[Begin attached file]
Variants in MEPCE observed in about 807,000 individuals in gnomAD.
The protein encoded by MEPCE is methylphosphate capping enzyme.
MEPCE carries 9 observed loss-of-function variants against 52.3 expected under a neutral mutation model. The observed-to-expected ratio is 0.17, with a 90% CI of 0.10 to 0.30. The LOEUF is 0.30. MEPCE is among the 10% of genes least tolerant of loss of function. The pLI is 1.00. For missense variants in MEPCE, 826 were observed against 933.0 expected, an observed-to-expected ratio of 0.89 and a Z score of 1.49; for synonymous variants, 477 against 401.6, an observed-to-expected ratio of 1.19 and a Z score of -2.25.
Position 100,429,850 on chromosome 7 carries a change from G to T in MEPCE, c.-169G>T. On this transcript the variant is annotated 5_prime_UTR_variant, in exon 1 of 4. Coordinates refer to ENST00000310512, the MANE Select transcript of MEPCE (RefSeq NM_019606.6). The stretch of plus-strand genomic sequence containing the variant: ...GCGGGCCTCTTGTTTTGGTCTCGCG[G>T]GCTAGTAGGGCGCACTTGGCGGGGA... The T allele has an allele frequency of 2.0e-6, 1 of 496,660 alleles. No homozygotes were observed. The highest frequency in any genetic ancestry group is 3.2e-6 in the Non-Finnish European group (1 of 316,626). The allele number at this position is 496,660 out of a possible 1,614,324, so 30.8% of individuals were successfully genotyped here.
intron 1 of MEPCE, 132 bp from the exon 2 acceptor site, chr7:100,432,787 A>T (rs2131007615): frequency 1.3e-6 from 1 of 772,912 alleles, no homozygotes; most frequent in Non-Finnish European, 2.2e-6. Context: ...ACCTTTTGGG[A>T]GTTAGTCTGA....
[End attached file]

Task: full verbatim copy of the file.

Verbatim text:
Variants in MEPCE observed in about 807,000 individuals in gnomAD.
The protein encoded by MEPCE is methylphosphate capping enzyme.
MEPCE carries 9 observed loss-of-function variants against 52.3 expected under a neutral mutation model. The observed-to-expected ratio is 0.17, with a 90% CI of 0.10 to 0.30. The LOEUF is 0.30. MEPCE is among the 10% of genes least tolerant of loss of function. The pLI is 1.00. For missense variants in MEPCE, 826 were observed against 933.0 expected, an observed-to-expected ratio of 0.89 and a Z score of 1.49; for synonymous variants, 477 against 401.6, an observed-to-expected ratio of 1.19 and a Z score of -2.25.
Position 100,429,850 on chromosome 7 carries a change from G to T in MEPCE, c.-169G>T. On this transcript the variant is annotated 5_prime_UTR_variant, in exon 1 of 4. Coordinates refer to ENST00000310512, the MANE Select transcript of MEPCE (RefSeq NM_019606.6). The stretch of plus-strand genomic sequence containing the variant: ...GCGGGCCTCTTGTTTTGGTCTCGCG[G>T]GCTAGTAGGGCGCACTTGGCGGGGA... The T allele has an allele frequency of 2.0e-6, 1 of 496,660 alleles. No homozygotes were observed. The highest frequency in any genetic ancestry group is 3.2e-6 in the Non-Finnish European group (1 of 316,626). The allele number at this position is 496,660 out of a possible 1,614,324, so 30.8% of individuals were successfully genotyped here.
intron 1 of MEPCE, 132 bp from the exon 2 acceptor site, chr7:100,432,787 A>T (rs2131007615): frequency 1.3e-6 from 1 of 772,912 alleles, no homozygotes; most frequent in Non-Finnish European, 2.2e-6. Context: ...ACCTTTTGGG[A>T]GTTAGTCTGA....